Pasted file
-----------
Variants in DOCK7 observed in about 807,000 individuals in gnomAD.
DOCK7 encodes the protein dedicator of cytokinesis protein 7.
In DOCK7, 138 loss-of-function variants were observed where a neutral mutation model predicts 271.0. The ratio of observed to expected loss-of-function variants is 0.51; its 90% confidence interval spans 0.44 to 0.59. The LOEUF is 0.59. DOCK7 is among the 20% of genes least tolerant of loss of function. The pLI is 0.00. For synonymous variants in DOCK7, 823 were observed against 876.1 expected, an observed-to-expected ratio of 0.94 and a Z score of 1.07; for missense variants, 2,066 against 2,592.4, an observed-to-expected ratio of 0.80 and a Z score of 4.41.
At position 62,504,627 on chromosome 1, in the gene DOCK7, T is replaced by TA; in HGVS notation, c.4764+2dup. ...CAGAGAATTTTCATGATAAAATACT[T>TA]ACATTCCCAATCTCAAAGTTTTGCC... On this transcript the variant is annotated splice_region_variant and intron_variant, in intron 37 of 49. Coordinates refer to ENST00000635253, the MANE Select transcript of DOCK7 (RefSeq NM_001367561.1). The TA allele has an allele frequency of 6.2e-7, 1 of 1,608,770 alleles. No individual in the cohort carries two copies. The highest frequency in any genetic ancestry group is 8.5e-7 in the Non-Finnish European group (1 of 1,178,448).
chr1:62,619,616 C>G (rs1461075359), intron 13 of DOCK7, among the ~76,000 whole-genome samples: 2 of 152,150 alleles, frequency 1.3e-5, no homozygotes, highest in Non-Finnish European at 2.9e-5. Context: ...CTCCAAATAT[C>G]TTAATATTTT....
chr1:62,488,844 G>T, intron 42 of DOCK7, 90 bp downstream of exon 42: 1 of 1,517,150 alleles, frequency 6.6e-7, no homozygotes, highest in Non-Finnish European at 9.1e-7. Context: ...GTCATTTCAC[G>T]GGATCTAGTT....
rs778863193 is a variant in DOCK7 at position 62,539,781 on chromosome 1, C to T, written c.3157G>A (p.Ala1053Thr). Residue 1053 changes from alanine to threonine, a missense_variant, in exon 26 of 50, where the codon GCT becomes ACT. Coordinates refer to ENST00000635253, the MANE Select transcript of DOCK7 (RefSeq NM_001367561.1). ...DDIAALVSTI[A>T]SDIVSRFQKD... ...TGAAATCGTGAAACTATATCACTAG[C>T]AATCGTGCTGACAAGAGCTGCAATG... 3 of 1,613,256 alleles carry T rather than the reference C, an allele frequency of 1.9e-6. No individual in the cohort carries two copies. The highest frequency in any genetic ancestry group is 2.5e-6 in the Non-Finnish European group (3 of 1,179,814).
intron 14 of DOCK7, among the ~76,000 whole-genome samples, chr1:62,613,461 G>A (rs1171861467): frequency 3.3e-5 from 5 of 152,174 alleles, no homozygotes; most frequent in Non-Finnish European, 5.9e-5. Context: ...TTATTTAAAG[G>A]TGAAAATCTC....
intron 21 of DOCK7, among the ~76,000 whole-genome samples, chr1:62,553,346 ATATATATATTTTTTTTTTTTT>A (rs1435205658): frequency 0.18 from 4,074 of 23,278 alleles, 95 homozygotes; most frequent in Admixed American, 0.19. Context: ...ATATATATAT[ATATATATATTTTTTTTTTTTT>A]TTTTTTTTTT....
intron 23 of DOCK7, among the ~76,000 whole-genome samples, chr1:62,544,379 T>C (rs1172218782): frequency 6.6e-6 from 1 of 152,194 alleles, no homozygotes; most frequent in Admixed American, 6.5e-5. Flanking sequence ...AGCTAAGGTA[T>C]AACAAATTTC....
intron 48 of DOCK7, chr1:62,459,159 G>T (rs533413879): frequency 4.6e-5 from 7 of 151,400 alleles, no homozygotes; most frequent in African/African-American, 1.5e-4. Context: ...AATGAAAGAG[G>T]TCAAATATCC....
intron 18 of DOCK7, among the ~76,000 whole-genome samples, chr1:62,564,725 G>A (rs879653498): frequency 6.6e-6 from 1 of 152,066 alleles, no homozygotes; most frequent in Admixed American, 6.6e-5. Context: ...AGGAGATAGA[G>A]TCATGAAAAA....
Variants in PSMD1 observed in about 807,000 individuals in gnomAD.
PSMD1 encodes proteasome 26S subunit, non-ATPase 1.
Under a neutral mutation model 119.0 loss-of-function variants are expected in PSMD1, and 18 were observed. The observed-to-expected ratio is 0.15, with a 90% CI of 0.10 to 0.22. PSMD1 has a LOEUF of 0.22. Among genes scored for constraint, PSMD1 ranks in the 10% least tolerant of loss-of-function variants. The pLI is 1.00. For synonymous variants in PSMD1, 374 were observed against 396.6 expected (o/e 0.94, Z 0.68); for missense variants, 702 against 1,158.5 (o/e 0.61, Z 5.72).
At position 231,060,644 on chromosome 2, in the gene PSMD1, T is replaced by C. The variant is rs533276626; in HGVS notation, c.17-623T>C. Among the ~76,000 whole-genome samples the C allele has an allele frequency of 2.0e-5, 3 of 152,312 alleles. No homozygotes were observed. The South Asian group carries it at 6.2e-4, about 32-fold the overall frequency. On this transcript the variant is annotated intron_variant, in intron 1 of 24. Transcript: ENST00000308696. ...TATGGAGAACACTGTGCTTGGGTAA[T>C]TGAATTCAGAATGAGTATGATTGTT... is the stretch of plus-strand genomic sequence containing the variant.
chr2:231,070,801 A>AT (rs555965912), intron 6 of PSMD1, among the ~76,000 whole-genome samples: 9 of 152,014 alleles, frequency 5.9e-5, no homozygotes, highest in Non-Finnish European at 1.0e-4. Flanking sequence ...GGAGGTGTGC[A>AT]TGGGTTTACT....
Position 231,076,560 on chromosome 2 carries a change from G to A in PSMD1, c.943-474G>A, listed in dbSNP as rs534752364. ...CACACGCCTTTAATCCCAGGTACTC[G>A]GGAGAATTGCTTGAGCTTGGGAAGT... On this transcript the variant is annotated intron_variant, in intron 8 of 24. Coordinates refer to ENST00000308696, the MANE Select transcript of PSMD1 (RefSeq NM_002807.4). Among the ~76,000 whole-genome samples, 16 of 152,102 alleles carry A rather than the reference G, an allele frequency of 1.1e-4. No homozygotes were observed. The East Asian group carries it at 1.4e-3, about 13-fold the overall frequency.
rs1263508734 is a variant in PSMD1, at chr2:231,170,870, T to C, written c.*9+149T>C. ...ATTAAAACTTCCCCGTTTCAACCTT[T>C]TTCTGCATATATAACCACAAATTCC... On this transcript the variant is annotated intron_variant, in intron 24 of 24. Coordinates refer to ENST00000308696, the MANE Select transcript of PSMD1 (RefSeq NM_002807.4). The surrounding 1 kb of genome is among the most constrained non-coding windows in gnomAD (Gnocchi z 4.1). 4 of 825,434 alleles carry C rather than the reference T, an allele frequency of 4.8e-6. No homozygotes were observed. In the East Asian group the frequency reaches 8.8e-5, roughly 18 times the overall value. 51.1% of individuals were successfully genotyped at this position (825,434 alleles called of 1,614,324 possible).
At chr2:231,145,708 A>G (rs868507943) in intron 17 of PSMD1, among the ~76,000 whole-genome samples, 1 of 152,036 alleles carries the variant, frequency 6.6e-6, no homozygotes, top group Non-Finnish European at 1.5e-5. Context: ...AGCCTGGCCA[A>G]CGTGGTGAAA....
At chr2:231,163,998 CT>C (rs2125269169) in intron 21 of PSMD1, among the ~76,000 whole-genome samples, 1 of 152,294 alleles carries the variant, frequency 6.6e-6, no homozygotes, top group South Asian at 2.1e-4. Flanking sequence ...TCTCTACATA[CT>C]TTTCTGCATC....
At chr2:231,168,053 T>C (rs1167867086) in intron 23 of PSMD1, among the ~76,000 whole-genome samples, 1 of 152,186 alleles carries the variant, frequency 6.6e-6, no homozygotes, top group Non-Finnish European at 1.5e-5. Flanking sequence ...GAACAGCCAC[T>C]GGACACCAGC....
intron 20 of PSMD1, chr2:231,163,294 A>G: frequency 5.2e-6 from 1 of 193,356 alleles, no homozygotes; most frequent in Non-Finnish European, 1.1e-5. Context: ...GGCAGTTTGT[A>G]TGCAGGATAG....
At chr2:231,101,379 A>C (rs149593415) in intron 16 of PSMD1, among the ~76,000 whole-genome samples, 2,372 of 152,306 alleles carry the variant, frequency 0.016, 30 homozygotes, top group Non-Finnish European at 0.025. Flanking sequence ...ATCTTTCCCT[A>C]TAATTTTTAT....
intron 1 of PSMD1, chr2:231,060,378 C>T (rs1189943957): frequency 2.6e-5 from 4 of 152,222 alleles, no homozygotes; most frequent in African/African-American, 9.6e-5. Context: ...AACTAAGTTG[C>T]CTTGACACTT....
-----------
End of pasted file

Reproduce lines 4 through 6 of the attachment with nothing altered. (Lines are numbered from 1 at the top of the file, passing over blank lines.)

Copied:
At position 62,504,627 on chromosome 1, in the gene DOCK7, T is replaced by TA; in HGVS notation, c.4764+2dup. ...CAGAGAATTTTCATGATAAAATACT[T>TA]ACATTCCCAATCTCAAAGTTTTGCC... On this transcript the variant is annotated splice_region_variant and intron_variant, in intron 37 of 49. Coordinates refer to ENST00000635253, the MANE Select transcript of DOCK7 (RefSeq NM_001367561.1). The TA allele has an allele frequency of 6.2e-7, 1 of 1,608,770 alleles. No individual in the cohort carries two copies. The highest frequency in any genetic ancestry group is 8.5e-7 in the Non-Finnish European group (1 of 1,178,448).
chr1:62,619,616 C>G (rs1461075359), intron 13 of DOCK7, among the ~76,000 whole-genome samples: 2 of 152,150 alleles, frequency 1.3e-5, no homozygotes, highest in Non-Finnish European at 2.9e-5. Context: ...CTCCAAATAT[C>G]TTAATATTTT....
chr1:62,488,844 G>T, intron 42 of DOCK7, 90 bp downstream of exon 42: 1 of 1,517,150 alleles, frequency 6.6e-7, no homozygotes, highest in Non-Finnish European at 9.1e-7. Context: ...GTCATTTCAC[G>T]GGATCTAGTT....